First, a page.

Showing posts with label Pope Francis. Show all posts
Showing posts with label Pope Francis. Show all posts

Thursday, March 3, 2016

God's Mercy and Justice

Pope Francis has given us a great gift in declaring this year (December 8, 2015-November 20, 2016) an Extraordinary Year of Mercy. Like Jubilee years of the Old Testament, it is meant to be a time of righting wrongs, or returning things to their proper order, and to rejoice in the good things that God has done. Pope Francis is giving us an opportunity to reflect on the nature of God as merciful, and encouraging all to “be merciful as our Heavenly Father is merciful” (Luke 6:36).

But what is mercy? Mercy is a willingness to respond to the needs of another, even when the other does not ‘earn’ or ‘deserve’ a response. It is a response to the chaos of the other person’s life and help to bring order. It is seeking to put things right.

Too often, mercy is seen as opposed to justice, that it is understood a being permissive. In encountering sin, we might be tempted to act in such a way that might confirm the sin instead of comforting the sinner. That is not true mercy, however. Mercy is the treat the other person with dignity, to call them out of a destructive behavior, and to remind them of the great and loving God we have. God does not wish us to remain in sin, but rather that we come to Him for forgiveness. Justice is giving a person what they deserve, but mercy is always greater than justice. In showing mercy, God displays His power. While we are yet sinners, He loves us, pardons us, and calls us back. This is mercy! While there is still breath in us, He is always ready to pour His mercy on us. When we are left with no more time to return to Him, His justice comes. 

In the end, even Hell itself is an act of mercy, and not blind justice. God loves us enough to let us have our will. If we live apart from His will for our lives, why would we want to live for eternity with Him? Yes, by our actions, we can reject God, in which case He shows His love in allowing us to reject Him. But we can also be presumptuous, assuming His mercy and that He would accept us, unrepentant sin and all. No, we are to call on His mercy, knowing Him to be just. Then, and only then, can we live in His mercy and extend that mercy to others.

Sunday, April 26, 2015

An Extraordinary Holy Year - a Year for Mercy

A few weeks ago, Pope Francis formally announced an Extraordinary Holy year starting with the feast of the Immaculate Conception of Mary on December 8, 2015 and ending on the Feast of Christ the King, November 20, 2016 (the start coincides with the 50th anniversary of the formal closing of the Second Vatican Council). Holy years are typically held every 25 years (2000 was the last one of the ordinary year), but extraordinary years are held at the authorization of the Pope. Holy years involve spiritual activities as well as a formal opening of certain “Holy Doors” such as one of the doors of St. Peter’s Basilica in Rome. This extraordinary Jubilee has the theme of “A year of mercy”, and is the Pope’s invitation to all Christians to celebrate in a special way the mercy of Christ. Pope Francis, in doing so, is asking all Christians to seek the mercy of Christ and to proclaim it to those who do not know Him. In fact, Pope Francis added a title to Jesus - The Living Face of the Mercy of the Father. Jesus reveals the mercy of God to us.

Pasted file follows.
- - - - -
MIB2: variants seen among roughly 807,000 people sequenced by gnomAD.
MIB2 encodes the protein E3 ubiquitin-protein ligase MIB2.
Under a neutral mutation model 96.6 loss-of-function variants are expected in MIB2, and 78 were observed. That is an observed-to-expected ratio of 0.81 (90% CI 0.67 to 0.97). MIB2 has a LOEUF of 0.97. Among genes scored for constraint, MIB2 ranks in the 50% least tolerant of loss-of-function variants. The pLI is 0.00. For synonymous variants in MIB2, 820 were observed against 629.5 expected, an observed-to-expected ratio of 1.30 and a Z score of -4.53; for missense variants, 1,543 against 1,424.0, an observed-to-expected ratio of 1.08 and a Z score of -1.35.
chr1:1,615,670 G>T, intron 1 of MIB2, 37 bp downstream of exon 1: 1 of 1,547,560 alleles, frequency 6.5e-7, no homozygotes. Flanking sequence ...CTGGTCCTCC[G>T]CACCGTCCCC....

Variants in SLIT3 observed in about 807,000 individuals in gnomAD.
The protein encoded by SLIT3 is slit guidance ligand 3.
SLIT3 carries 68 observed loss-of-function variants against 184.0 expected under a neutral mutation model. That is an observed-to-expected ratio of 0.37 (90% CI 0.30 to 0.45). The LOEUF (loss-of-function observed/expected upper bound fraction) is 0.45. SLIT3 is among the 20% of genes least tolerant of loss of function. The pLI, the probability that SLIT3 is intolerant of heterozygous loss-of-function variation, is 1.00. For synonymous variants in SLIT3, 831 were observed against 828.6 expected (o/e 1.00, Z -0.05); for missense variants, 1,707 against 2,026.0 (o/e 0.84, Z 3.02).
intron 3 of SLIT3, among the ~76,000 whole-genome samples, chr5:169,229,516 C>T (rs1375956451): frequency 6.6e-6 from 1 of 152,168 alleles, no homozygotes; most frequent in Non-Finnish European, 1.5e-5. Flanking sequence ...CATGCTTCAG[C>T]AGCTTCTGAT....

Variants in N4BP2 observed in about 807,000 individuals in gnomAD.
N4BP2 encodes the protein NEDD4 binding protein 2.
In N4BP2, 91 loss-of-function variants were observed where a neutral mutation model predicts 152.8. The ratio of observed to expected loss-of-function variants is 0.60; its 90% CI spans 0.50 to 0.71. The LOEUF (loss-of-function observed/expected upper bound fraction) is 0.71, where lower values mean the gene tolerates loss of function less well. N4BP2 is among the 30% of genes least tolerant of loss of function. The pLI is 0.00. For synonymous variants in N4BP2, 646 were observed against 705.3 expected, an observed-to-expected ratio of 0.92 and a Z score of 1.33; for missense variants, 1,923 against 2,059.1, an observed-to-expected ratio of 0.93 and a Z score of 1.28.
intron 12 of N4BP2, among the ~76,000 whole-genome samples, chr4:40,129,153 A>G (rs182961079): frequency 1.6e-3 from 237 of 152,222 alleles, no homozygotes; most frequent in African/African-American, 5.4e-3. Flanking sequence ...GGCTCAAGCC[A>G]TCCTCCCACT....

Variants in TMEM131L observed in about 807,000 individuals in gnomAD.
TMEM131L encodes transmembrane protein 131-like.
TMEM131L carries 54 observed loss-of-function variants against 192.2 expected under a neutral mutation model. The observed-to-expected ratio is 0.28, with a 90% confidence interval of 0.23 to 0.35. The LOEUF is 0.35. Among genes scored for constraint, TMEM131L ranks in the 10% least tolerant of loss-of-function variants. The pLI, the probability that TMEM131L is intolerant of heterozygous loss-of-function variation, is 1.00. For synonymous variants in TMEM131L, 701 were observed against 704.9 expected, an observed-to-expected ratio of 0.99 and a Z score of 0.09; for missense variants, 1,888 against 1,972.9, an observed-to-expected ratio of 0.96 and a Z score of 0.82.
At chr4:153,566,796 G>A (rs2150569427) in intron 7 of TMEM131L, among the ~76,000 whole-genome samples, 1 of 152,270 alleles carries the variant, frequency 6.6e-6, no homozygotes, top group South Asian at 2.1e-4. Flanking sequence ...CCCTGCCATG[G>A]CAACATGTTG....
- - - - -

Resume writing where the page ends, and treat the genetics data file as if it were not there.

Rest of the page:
The Pope is recommending that we focus on one verse from Luke 6:36 - “Be Merciful as your Heavenly Father is Merciful” - as our theme for the year. As he and Pope Benedict XVI are fond of reminding us, God never tires of forgiving us, and this is His mercy in action. He also reminds us that no one can be excluded from the mercy of God. We are to welcome all who are seeking the Face of God. It is a message that the world needs, and a message that has power to move the world. But it is a message that needs to be properly understood, too, or else instead of reflecting on the Living Face of the Father’s mercy, we would be looking at an all too human face of failure.
Mercy is helping others live with their proper dignity. It involves an element of justice, that one is righting a wrong that the other is unable to correct him or herself. Mercy always leads to the truth and a higher human dignity. Many might mistake mercy for weakness, but it is really a strength - to right the wrong, to seek amends. It is a mistake to think that mercy allows condoning or even approving of sin - but that would lack truth and human dignity, and ultimately even charity as God is just, and while He is forgiving, it is presumptuous to assume that He will forgive one’s continuing to sin with not desire of conversion. In the end, this misguided concept is false compassion. Such false compassion denies the moral teachings of the Church and affirm an “anything goes” attitude. But it is just as equally wrong to dismiss people because they are not living a completely moral life - it lacks mercy. Instead, it invites people to come to God where they are, but challenging them in gentle and compassionate ways to living in accord with truth and justice as God would desire. Mercy is following the example of Jesus with the woman caught in adultery. He forgives her, but calls her to conversion (“Go, and sin no more.”). Even Pope Francis’s often quoted sound bit - “Who am I to judge?”, needs to be seen in the context of mercy, which it is only when one reads the full statement: “[a person] who is seeking who is seeking God, who is of good will - well, who am I to judge?” takes on the element of one who is seeking a life in accord with God’s will, seeking His grace.
Such a concept is one that we need. It is for this reason that Pope Francis has invited us to this special year of Mercy - to encounter the Living Face of the Mercy of God, to hear the call to conversion and to invite others to contemplate and respond to Mercy in their lives as well.